HOUSTON — Under growing pressure from investors to address climate change, Exxon Mobil on Monday proposed a $100 billion project to capture the carbon emissions of big industrial plants in the Houston area and bury them deep beneath the Gulf of Mexico.
Exxon, the largest U.S. oil company, wants to create a profit-making business out of the capture of carbon emitted by petrochemical plants and other industries. But its plan would require significant government support and intervention, including the introduction of a price or tax on carbon dioxide emissions, an idea that has failed to attract enough support in Congress in the past.
The company already captures carbon, which it injects into older fields to produce more oil. Exxon now wants to use its expertise to store the carbon dioxide generated by other industries. But without a price on emitting carbon, many businesses would have little financial incentive to pay Exxon to capture and store their carbon.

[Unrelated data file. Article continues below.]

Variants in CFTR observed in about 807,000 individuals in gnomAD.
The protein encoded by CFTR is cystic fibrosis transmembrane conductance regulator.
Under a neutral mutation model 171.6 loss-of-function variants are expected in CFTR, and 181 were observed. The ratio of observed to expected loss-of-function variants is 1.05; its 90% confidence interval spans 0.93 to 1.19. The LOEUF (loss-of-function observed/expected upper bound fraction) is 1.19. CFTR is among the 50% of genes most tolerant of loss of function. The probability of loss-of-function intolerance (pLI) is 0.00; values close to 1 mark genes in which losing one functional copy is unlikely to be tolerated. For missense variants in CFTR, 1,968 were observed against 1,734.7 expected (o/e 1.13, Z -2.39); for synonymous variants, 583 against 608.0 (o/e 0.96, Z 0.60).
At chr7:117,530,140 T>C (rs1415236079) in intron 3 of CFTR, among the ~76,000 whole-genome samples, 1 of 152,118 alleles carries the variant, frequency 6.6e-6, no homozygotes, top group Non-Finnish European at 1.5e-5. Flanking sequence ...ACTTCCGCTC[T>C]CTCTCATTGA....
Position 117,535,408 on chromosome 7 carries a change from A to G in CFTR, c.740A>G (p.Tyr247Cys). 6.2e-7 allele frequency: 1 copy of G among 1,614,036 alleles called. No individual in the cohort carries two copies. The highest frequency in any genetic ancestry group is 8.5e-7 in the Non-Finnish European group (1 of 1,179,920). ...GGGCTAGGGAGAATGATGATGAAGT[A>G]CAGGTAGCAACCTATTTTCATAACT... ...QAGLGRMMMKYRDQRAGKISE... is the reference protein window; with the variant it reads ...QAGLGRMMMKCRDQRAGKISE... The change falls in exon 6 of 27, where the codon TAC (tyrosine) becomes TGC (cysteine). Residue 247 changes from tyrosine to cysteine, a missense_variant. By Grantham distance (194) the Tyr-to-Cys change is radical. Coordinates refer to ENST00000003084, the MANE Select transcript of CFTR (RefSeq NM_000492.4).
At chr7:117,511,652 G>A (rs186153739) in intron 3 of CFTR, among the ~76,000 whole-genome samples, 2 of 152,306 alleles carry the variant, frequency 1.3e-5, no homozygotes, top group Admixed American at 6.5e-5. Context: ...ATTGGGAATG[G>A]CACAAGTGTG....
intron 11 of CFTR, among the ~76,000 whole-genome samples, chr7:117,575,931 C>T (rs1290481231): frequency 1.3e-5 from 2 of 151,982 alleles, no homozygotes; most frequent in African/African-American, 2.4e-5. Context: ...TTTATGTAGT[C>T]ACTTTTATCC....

The Obama administration failed to enact a cap-and-trade system, which raises costs for polluting companies by forcing them to buy tradable permits to release greenhouse gases into the atmosphere. California, the European Union and 11 states in the Northeast use versions of cap-and-trade. Other governments, including British Columbia and Britain, have imposed a per-ton tax on emissions.
embrace a price on carbon, something it has not done.
“The concept of a price on carbon is critical,” Mr. Woods said. “There has to be a way to incentivize the investment.”
Offshore storage has already gained traction in Europe, where governments have put carbon prices in place and lawmakers are more willing to spend taxpayer money to address climate change.